News Releases

Murray Renews Effort to Create Wild Sky Wilderness

Jan 25 2005

Senator remains committed to preserving land for future generations

(WASHINGTON, D.C.) – Senator Patty Murray today restarted efforts to designate over 106,000 acres of national forest in east Snohomish County as Wilderness. Murray, who originally co-authored the legislation with Rep. Rick Larsen in 2002, has pushed the bill through the Senate twice. Murray reintroduced the original legislation in the Senate today.



“Wild Sky reflects the great tradition of preserving places that make Washington state unique,” Murray said today. “It took eight years to preserve the Hanford Reach, and it was the right thing to do. I am committed to passing this legislation and protecting Wild Sky because it is the right thing to do for our environment, our economy and future generations.”



When passed, Wild Sky will become the first new Wilderness area in Washington state in nearly two decades. The area is located within 90 minutes of 2.5 million people.



Senator Murray has pushed the bill – the result of bi-partisan cooperation and local involvement – through the Senate twice. Wild Sky still awaits action in the House of Representatives.



“Senator Murray is a champion for Wild Sky. She has twice passed the bill through the Senate, and I'm confident she will succeed again this year,” said U.S. Rep. Rick Larsen. “I will continue working closely with Senator Murray as I fight to make Wild Sky a reality in the House.”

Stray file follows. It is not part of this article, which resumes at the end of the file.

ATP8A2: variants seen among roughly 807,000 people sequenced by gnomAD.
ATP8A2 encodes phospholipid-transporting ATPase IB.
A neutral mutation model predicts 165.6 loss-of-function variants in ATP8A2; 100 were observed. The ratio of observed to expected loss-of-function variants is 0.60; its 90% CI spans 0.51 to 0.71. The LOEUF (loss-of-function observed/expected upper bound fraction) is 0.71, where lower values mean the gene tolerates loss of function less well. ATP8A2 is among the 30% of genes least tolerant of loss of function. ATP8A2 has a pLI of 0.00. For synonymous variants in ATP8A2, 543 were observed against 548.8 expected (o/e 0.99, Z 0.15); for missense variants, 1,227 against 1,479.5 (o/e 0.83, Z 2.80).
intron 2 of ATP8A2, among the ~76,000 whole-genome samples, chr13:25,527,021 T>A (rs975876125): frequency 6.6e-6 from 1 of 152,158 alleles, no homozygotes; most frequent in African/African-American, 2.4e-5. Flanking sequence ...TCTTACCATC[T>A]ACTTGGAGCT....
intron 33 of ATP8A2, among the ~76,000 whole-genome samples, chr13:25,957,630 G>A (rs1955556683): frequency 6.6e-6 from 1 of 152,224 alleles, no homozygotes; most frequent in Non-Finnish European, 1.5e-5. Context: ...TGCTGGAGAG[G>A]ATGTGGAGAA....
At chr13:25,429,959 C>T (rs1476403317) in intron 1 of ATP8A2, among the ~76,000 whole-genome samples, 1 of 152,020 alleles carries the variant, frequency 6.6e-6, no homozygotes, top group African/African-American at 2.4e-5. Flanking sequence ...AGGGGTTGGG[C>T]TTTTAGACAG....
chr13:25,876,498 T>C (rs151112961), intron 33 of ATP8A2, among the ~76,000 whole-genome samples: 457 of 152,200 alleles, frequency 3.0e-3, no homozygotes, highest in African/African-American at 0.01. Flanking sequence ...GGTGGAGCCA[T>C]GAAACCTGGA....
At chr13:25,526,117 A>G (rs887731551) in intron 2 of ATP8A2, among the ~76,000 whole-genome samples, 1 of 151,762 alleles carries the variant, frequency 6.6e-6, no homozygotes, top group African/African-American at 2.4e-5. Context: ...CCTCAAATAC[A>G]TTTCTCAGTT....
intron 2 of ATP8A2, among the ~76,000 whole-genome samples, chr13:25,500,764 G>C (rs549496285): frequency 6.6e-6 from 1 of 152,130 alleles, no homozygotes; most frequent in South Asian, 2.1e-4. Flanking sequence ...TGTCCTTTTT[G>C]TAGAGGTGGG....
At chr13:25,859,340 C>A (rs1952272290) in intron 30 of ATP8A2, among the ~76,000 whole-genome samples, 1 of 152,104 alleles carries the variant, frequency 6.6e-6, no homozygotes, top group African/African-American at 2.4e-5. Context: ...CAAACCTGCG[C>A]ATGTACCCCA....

“We have a long history of bi-partisan work on Wilderness in Washington state,” Murray added. “From Scoop and Maggie, to Slade Gorton and Dan Evans to Rick Larsen and Jennifer Dunn, we have always had bi-partisan support for moving wilderness bills. I hope the House will follow this legacy and move quickly to enact the Wild Sky Wilderness Act.”



Murray’s Proposed Wilderness Will:



  • Protect wildlife and promote clean water - by preserving the landscapes that host many native plants and animals. The wilderness will help protect wolves, mountain goats, black and grizzly bears, deer, and healthy runs of salmon, steelhead, and trout.


  • Enhance and protect recreational opportunities for the region - It protects the area for today's users and seeks to open up new areas for climbers, hikers, hunters, and anglers. It directs the Forest Service to work with the public to develop new trails -- in and around -- the wilderness to expand public access to these remarkable landscapes.




  • Reflect the diverse landscapes of the Puget Sound region - Only 6.6 percent of all Washington state wilderness areas are under 3,000 feet. As a result, current wilderness areas don't reflect the entire array of ecological systems. The Wild Sky Wilderness is made up of about 30% low-land areas -- including low-land forests and salmon-bearing streams.




  • Contribute to the local economy - People looking for easy and quick access to nature will see the Wild Sky listed in maps and hiking books as a special destination. Every climber, hiker, hunter, and angler setting out to the Wild Sky Wilderness will be stopping at hotels, campgrounds, restaurants, and stores in the gateway communities in the greater Skykomish area.